White Tower Thessaloniki
The White Tower in Thessaloniki is the best known symbol of the city and one of the most recognizable monuments in Greece. It was built as a fortified tower in the 15th century and later it was used as a military camp and prison. The last restoration was completed in 1985 and since then the White Tower used for exhibitions, while from 2006 operates permanently as a Museum of the city. The White Tower is 34 meters tall and has six floors, with an internal staircase that is in contact with the outside wall. The entire construction was part of the town fortification, which started from the eastern part in Upper City and ended at the White Tower and its marine section, which was demolished in 1867.
Galerius Arch (Kamara) Thessaloniki
The triumphal Arch of Galerius is the monument known as Kamara and it is located on the north side of the Egnatia highway, in a short distance from the Rotunda. It was built in the 4th century AD in honor of the Roman Emperor Galerius who returned victorious to the city after wars against the Persians. Nowadays two main pillars and a secondary one are saved, which have embossed marble slabs depicting war scenes. The central arched opening has a width of 9.7 meters and a height of 12.5 meters, and under that there was the Via Regia, as it was called in Roman Egnatia Street. Indeed, until 1953 under the arch there was the line of the Via Egnatia tram. Until today many efforts are made for the monument conservation and it is a known meeting place.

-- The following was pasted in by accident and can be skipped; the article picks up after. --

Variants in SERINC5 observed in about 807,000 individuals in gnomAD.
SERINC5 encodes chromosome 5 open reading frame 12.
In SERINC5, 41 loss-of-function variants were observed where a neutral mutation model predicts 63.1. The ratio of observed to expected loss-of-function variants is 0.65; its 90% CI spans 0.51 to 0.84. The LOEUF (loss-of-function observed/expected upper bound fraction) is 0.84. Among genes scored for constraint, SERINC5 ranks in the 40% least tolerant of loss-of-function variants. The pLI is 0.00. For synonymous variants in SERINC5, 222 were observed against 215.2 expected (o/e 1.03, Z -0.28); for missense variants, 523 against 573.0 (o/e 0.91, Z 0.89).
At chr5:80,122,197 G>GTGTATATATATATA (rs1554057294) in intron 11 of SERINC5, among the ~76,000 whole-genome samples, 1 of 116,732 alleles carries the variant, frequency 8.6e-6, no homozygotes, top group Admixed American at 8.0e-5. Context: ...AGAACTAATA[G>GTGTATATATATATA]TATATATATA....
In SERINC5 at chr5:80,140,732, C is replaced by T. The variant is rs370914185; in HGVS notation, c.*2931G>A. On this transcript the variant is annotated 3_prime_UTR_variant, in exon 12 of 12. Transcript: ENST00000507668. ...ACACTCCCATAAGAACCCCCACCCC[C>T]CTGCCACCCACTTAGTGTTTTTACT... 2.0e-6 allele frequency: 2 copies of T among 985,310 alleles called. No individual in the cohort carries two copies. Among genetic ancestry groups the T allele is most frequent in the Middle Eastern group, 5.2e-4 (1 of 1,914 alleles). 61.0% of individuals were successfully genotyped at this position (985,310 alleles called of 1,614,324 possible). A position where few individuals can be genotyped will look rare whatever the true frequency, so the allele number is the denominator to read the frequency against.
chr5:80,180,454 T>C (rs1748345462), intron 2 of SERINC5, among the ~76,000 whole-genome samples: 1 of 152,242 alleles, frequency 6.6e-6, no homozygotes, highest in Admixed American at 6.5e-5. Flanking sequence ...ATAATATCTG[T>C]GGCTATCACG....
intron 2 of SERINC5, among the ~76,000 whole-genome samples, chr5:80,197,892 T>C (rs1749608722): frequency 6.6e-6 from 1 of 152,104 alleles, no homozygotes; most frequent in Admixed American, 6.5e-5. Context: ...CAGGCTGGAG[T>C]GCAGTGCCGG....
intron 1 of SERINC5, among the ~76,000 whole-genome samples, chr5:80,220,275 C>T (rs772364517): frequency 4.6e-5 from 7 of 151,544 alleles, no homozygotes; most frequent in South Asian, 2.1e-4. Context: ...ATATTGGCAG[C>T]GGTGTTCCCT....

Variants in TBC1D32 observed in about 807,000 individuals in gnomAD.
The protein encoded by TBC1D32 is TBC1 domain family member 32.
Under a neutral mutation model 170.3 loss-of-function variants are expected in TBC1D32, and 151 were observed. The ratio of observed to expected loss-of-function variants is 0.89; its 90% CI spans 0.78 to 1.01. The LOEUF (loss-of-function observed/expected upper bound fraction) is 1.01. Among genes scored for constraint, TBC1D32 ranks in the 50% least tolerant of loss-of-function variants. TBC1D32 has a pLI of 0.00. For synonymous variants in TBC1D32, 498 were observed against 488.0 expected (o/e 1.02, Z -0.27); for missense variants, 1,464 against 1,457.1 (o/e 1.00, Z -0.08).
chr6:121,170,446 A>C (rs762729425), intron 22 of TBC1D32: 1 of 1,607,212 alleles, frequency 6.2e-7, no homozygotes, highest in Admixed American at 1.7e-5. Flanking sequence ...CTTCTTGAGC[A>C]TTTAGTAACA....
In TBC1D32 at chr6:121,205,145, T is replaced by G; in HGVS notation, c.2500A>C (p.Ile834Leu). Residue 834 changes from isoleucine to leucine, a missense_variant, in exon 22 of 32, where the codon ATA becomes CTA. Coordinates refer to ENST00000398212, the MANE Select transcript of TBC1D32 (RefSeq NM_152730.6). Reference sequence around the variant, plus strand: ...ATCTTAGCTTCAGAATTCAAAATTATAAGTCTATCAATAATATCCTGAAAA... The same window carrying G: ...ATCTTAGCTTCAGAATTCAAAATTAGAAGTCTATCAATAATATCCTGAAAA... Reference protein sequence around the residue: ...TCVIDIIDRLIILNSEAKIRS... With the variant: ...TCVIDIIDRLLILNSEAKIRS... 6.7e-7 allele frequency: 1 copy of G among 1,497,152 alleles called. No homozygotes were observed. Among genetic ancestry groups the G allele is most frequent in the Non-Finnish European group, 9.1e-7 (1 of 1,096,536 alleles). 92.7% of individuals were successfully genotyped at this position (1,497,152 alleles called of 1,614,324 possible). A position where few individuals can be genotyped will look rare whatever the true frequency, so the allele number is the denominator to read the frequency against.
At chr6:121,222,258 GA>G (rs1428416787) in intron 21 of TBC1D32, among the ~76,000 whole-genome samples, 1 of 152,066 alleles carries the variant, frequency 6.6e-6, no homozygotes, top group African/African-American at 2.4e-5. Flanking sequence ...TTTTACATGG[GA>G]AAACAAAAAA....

Statue of Alexander the Great Thessaloniki
The statue “symbol” of Alexander the Great riding Bucephalus, is located in seaside of Thessaloniki, next to another symbol of the city, the White Tower. It was erected in 1973 and is the work of sculptor Evangelos Moustakas.
Courts Square (Ancient Agora) Thessaloniki
It is perhaps the most central square of the city, located in the ancient Roman agora.There you can find the steam room, the Virgin Chalkeon, the circus ‘Apollo’ and the statue of Eleftherios Venizelos. It is often a place for various events and protests.
Archaeological Museum of Thessaloniki Archaeological Museum of Thessaloniki was designed by famous modernist architect Patroklos Karantinos and was inaugurated in 1962. It contains all the important findings of Thessaloniki and the wider region of Macedonia, from prehistoric, Neolithic, Classical, Hellenistic and Roman times. The museum was recently renovated, with impressive multimedia applications, maps and descriptions of objects and history.